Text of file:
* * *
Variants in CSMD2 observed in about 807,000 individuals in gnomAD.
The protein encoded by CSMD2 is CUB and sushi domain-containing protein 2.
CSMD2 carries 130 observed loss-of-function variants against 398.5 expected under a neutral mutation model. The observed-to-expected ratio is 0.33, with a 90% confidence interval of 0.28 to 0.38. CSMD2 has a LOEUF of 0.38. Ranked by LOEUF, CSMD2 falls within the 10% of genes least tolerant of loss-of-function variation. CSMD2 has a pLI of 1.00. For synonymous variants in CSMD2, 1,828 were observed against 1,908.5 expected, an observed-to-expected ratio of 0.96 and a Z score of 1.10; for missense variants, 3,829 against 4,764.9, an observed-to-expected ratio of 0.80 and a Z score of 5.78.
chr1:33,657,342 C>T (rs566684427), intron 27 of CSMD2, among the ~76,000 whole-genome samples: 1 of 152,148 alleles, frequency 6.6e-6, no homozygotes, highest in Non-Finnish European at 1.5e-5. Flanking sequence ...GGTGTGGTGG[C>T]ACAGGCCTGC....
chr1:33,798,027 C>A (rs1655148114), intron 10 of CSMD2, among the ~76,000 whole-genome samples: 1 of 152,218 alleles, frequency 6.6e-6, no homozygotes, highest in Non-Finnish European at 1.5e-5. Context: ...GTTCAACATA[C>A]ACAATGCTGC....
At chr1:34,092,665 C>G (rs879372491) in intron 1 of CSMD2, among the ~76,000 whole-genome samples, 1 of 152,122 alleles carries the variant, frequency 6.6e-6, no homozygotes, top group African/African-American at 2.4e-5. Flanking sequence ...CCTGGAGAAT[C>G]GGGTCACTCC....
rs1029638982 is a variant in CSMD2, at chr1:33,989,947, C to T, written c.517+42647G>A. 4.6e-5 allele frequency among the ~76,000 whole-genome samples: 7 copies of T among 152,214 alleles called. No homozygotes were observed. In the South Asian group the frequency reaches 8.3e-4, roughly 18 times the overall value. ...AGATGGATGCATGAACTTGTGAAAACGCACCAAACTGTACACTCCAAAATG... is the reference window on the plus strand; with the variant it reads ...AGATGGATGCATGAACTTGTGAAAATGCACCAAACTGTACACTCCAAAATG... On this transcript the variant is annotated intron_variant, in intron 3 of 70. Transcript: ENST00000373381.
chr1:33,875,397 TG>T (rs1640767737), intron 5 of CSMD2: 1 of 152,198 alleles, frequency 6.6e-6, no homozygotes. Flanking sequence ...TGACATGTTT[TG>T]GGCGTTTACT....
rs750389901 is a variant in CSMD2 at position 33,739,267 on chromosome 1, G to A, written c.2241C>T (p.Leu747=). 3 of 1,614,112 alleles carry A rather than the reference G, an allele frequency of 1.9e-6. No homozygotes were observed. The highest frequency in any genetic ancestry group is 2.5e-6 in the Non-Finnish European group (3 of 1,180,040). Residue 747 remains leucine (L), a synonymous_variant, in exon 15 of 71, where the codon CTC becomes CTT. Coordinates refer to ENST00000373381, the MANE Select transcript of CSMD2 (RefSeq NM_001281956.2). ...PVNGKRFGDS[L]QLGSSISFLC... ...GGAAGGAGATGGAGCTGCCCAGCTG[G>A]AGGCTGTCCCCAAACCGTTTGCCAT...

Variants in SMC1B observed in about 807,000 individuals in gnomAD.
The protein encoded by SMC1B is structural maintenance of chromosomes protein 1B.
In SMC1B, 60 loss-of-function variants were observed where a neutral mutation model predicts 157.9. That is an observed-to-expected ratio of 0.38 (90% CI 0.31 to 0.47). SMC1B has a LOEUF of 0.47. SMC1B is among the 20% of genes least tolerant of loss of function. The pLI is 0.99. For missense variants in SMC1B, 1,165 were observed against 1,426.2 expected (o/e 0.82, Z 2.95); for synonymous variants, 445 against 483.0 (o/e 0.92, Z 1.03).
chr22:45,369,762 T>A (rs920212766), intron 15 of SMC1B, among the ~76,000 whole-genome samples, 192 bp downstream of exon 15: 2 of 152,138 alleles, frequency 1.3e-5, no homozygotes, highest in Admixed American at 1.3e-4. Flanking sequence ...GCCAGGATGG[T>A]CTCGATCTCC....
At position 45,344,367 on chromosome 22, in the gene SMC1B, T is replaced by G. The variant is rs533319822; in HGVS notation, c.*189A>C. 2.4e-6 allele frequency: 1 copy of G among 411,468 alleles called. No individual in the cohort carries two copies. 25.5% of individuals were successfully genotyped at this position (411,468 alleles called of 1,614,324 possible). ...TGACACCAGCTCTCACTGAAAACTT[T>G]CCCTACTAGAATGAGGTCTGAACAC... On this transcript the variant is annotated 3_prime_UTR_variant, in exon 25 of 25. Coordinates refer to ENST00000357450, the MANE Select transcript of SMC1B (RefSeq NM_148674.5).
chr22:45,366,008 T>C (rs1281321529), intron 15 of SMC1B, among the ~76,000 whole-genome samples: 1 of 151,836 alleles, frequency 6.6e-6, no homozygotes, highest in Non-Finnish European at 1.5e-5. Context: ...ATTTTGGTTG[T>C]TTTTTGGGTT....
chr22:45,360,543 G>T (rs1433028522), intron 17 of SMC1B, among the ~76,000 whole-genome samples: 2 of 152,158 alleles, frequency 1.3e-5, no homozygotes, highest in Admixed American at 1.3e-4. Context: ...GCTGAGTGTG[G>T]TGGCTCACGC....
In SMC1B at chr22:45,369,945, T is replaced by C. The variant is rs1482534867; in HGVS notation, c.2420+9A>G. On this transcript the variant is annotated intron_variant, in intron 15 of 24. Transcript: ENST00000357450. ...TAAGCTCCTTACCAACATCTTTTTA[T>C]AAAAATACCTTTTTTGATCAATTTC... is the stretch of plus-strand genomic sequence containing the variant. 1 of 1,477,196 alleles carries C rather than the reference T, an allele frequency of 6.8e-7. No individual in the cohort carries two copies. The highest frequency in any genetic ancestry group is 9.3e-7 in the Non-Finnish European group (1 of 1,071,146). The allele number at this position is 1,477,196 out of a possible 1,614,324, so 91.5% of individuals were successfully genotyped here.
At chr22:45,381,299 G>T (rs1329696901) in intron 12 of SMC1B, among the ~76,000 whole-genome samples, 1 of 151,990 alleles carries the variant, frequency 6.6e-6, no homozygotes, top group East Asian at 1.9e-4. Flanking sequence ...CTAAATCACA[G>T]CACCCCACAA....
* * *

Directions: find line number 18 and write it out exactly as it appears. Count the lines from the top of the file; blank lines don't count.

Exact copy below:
At chr22:45,381,299 G>T (rs1329696901) in intron 12 of SMC1B, among the ~76,000 whole-genome samples, 1 of 151,990 alleles carries the variant, frequency 6.6e-6, no homozygotes, top group East Asian at 1.9e-4. Flanking sequence ...CTAAATCACA[G>T]CACCCCACAA....